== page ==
David Bruce: Create, Then Take a Break — Actors and Acting, Alcohol

Actors and Acting

• As a young actor, John Gielgud discussed his plans with Lilian Baylis, founder of the Old Vic. Anxious to impress, Mr. Gielgud, who had had a successful season at the Old Vic, told Ms. Baylis that he wanted to work there again but that he had many other engagements. Ms. Baylis put the young actor in his place by telling him, “That’s right, dear. You play all the young parts you can—while you’re still able to.”

• Actor Gene Barry, nee Eugene Klass, played Bat Masterson on television from 1959 to 1961. Once he stopped to buy a tallith (a fringed prayer shawl) for his son’s bar mitzvah. The man who waited on him at the store looked at his check, then asked, “Are you Gene Barry?” He replied that he was, and the man ran to the back of the store and yelled to his wife, “BAT MASTERSON IS JEWISH.”

• Natalie Schafer, who played Mrs. Thurston Howell on Gilligan’s Island, always kept her age a secret. Whenever she went to the doctor’s and the doctor asked her for her age, she always told the doctor to look up what age she had said during her last appointment. However, checking on her last appointment never revealed her age, because she been using that trick all her adult life.

• When she was an old lady, former heartthrob Sarah Bernhardt had an apartment at the top of an apartment building. A former suitor visited her and, huffing and puffing after climbing so many stairs, asked her why she had her apartment so high up. Ms. Bernhardt replied, “Nowadays, it’s the only way I am still able to make men’s hearts beat a little faster.”

• Sir Peregrine Plinge once gave a bad performance as Macbeth, so he told a fellow actor, “Give me £5.” When the actor asked why, Sir Peregrine threatened, “Because if you don’t, I shall tell everybody that you played Macduff to my Macbeth.” (Sir Peregrine even went to the box office and said that the play was so bad he wanted his money back.)

• Actress East Robertson once said in a play, “Oh, God, where will I be when my beauty fades!” A voice from the audience said, “In the gutter, love.” Ms. Robertson was well known for playing bitchy characters, and during another performance on stage, another voice came from the audience, saying, “I bet you are a bitch off as well as on!”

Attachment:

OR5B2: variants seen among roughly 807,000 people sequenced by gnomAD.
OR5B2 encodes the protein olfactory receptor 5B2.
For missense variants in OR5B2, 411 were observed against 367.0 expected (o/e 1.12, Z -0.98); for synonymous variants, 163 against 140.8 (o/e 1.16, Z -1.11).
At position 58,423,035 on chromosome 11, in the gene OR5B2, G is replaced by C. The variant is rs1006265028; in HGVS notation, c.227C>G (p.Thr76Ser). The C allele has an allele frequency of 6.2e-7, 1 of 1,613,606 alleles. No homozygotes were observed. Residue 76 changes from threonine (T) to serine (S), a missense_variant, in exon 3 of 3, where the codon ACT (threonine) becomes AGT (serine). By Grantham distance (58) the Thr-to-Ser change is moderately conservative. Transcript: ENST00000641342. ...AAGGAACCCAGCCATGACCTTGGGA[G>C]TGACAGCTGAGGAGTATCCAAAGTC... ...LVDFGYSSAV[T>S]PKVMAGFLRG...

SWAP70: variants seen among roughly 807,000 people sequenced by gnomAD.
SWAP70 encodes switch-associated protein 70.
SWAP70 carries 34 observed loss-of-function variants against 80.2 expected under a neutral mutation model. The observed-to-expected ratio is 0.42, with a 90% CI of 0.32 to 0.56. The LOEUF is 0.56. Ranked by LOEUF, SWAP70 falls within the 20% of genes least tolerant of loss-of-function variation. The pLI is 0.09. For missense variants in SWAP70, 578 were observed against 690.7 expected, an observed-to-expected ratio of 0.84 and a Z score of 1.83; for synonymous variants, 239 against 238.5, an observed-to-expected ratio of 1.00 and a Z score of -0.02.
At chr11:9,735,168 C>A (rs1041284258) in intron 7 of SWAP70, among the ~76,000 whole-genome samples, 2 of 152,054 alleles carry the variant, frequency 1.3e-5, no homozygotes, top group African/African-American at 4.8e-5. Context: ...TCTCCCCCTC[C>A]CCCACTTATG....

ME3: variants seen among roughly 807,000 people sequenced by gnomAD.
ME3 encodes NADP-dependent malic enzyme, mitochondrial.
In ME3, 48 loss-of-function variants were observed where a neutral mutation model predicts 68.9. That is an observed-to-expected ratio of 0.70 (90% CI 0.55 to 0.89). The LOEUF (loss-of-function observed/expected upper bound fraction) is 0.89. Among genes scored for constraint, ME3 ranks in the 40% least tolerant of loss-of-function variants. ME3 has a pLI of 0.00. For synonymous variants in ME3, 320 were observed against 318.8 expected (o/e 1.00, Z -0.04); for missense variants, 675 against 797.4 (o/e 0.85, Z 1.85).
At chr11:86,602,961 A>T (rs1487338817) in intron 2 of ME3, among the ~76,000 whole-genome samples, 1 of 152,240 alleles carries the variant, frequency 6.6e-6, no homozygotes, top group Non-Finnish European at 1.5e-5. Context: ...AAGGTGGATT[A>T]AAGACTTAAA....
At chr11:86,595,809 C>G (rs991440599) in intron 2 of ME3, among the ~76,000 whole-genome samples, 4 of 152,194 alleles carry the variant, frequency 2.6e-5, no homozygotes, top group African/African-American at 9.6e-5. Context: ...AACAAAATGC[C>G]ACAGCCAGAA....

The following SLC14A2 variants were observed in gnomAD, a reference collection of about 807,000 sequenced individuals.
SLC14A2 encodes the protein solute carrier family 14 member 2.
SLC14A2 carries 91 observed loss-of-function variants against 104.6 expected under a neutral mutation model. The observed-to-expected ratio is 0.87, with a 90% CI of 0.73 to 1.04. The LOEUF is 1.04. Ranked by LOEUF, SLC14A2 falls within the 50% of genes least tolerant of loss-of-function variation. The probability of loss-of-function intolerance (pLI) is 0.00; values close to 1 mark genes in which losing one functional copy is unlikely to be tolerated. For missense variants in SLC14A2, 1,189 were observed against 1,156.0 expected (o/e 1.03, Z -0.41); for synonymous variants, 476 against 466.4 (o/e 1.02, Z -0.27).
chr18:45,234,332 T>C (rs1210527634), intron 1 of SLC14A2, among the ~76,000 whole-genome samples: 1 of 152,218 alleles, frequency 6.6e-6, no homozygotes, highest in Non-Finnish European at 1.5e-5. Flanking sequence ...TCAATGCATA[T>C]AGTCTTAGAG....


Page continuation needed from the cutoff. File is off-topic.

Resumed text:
• Bob Denver is widely known as Gilligan of Gilligan’s Island, the TV series about a group of people who set out for a three-hour tour, were shipwrecked, and spent three years on an island. Every time Mr. Denver rents a boat, he knows he’s going to hear the same joke: “Three-hour tour, huh? We’ll never see this boat again, will we?”


• New Zealanders apparently don’t drink martinis—or at least they didn’t. When comic singer Anna Russell was performing in New Zealand, she threw a party, giving instructions to a bartender to make martinis using Fleischmann’s gin. Halfway through the party, however, the martinis began to be dark brown instead of clear. She investigated and discovered that the bartender had run out of Fleischmann’s gin, so he was using Fleischmann’s whiskey instead. (The party was a success nevertheless.) By the way, in San Francisco, Ms. Russell was invited to a party in a restaurant. The liquor was still flowing at 3 p.m., although a law prohibited liquor at that time. When Ms. Russell worried that the restaurant might get busted, the man sitting next to her said there was no chance of that happening. She asked, “Why?” He replied, “Because I’m the sheriff.”

• A bottle of beer can come in handy. When the Globe Theater, where many of William Shakespeare’s plays were first performed, caught on fire, no one was hurt. The trousers of a man caught on fire, but his neighbor put the fire out with a bottle of beer. By the way, Mr. Shakespeare was a commoner without a university education. Many people have little respect for people like that, and so they do not believe that Shakespeare wrote the plays attributed to him. Over 4,000 books have been written saying that the “real” author was any of over 57 people, including Queen Elizabeth I. (Of course, Shakespeare wrote the plays attributed to him. Commoners can be intelligent, you know.)


Copyright by Bruce D. Bruce; All Rights Reserved


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